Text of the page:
16 May 2011

Human Intelligence Comes from the Genes

LAMC3 Gene and Effect on Brain Convolutions

The difference between the brain on the left above and the brain on the right, comes from a single gene -- LAMC3 -- which influences the formation of convolutions in the cerebral cortex. Brain convolutions allow for much greater volume of cerebral cortex, which is associated with the higher intelligence seen in apes, cetaceans, and humans (one of the apes). An alteration of the nucleic acid sequence in the LAMC3 gene in humans can apparently lead to the loss of convolutions in the cortex in affected individuals, as seen in the image above.
The folding of the brain is seen only in mammals with larger brains, such as dolphins and apes, and is most pronounced in humans. These fissures expand the surface area of the cerebral cortex and allow for complex thought and reasoning without taking up more space in the skull. Such foldings aren't seen in mammals such as rodents or other animals. Despite the importance of these foldings, no one has been able to explain how the brain manages to create them. The LAMC3 gene – involved in cell adhesion that plays a key role in embryonic development – may be crucial to the process.

An analysis of the gene shows that it is expressed during the embryonic period that is vital to the formation of dendrites, which form synapses or connections between brain cells. "Although the same gene is present in lower organisms with smooth brains such as mice, somehow over time, it has evolved to gain novel functions that are fundamental for human occipital cortex formation and its mutation leads to the loss of surface convolutions, a hallmark of the human brain," Gunel said. _Medicalxpress

Thousands of genes take part in the intricate developmental dance of forming the central nervous system in all its complexity. But specific genes play more dominant roles in differentiating human brains from brains of "lower" animals.

Genes control the size of particular systems and components of the brain which are instrumental in providing for more rapid mental processing and more complex processing. Some brains can hold more ideas in the mind simultaneously, while performing transformative operations on those ideas. "Human calculators" capable of computing solutions to complex arithmetical and mathematical problems in their heads, are one obvious example. But the mental machinations of scientific theorists, elite diagnosticians, and top level novelists, illustrate the same type of differentiation of mental ability -- largely originating at the genetic level.

James Watson -- one of the discoverers of the modern genetic theory of DNA inheritance -- received almost universal condemnation for expressing a few elementary facts of human genetic biodiversity. Here is some background information concerning that shameful episode of modern human culture and its prejudices:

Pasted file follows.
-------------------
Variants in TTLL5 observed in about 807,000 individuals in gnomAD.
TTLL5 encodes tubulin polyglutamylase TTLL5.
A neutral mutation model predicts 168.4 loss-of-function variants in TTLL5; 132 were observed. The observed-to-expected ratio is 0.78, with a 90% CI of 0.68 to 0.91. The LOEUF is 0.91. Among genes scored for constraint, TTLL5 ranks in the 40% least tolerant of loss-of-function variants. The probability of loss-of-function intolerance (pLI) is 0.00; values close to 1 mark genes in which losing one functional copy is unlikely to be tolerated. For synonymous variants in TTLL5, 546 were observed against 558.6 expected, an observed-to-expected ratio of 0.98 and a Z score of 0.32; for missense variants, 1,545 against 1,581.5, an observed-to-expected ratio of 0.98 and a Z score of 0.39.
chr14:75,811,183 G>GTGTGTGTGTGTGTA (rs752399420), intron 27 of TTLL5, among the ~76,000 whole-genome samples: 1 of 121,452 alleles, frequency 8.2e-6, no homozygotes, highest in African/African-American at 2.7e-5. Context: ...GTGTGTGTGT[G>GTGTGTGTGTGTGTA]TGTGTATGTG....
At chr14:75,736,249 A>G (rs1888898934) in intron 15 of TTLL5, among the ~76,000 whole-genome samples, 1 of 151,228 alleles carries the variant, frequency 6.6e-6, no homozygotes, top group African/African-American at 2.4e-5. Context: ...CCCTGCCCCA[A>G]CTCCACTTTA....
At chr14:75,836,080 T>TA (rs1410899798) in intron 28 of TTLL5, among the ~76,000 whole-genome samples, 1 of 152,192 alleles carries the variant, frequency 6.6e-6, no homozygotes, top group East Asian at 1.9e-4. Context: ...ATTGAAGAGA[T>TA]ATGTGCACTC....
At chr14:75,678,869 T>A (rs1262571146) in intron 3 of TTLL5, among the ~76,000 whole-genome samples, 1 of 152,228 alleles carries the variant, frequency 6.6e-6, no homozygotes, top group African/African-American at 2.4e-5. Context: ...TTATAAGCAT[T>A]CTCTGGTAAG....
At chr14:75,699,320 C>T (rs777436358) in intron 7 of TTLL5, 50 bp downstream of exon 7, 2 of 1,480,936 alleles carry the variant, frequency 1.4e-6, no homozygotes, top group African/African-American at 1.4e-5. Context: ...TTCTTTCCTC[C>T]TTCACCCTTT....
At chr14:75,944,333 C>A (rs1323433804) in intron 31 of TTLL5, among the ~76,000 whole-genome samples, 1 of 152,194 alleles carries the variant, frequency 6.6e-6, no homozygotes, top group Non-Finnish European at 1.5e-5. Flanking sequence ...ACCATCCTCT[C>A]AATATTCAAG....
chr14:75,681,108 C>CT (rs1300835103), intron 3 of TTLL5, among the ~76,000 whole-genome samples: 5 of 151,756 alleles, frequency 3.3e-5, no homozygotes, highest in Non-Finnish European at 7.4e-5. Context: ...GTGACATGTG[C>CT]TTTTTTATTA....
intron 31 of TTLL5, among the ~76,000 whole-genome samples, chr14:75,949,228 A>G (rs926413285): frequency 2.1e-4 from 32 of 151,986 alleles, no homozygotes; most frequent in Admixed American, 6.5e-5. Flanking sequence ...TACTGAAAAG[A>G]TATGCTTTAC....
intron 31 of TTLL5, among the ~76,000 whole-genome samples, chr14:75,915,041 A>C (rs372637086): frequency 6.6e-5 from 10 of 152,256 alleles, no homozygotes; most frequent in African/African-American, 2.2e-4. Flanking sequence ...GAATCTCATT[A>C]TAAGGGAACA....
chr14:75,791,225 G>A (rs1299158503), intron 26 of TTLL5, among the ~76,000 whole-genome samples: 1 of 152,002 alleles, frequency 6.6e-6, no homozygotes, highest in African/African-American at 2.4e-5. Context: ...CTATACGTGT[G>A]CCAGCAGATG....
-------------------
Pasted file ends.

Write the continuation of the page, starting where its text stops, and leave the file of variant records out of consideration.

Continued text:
GNXP: James Watson tells the Inconvenient Truth

Slate: Created Equal [AF Note: After being threatened with a similar fate as that of Watson, the much beaten-down Saletan (author of the slate piece above) published a "mea culpa" and submitted to the PC inquisition]

Useful PDF article from Robert Plomin discussing Genes and Intelligence

It is critical to understand how many genes are involved in weaving the fabric of higher intelligence. It is not a question of finding THE GENE for intelligence. Rather it is a question of understanding how all the many genes which create the potential for intelligence, work together.

And it is important to become a bit more sophisticated about how a crucial variability in gene expression can occur -- even when conventional genetic analyses fail to distinguish between two genomes.

Humans are not all the same. In fact, no two humans are exactly the same -- even identical twins. This is true for reasons of gene expression, in all its many levels of complexity -- both known and unknown. These differences can also originate from differences in experience and culture, as in when identical twins are separated at birth and raised in entirely different environments. But even then, the powerful impact of genes on the life outcome of the separated twins is all to obvious.
IQ is not everything. Executive Function (EF) is also crucial to life success. But EF is perhaps even more heritable than IQ. That is why it is so crucial to take advantage of a child's critical developmental windows for boosting the components of competent thinking, acting, and planning when one can. After that time period passes, it is mostly too late for those at the greatest genetic disadvantage.

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“During times of universal deceit, telling the truth becomes a revolutionary act” _George Orwell

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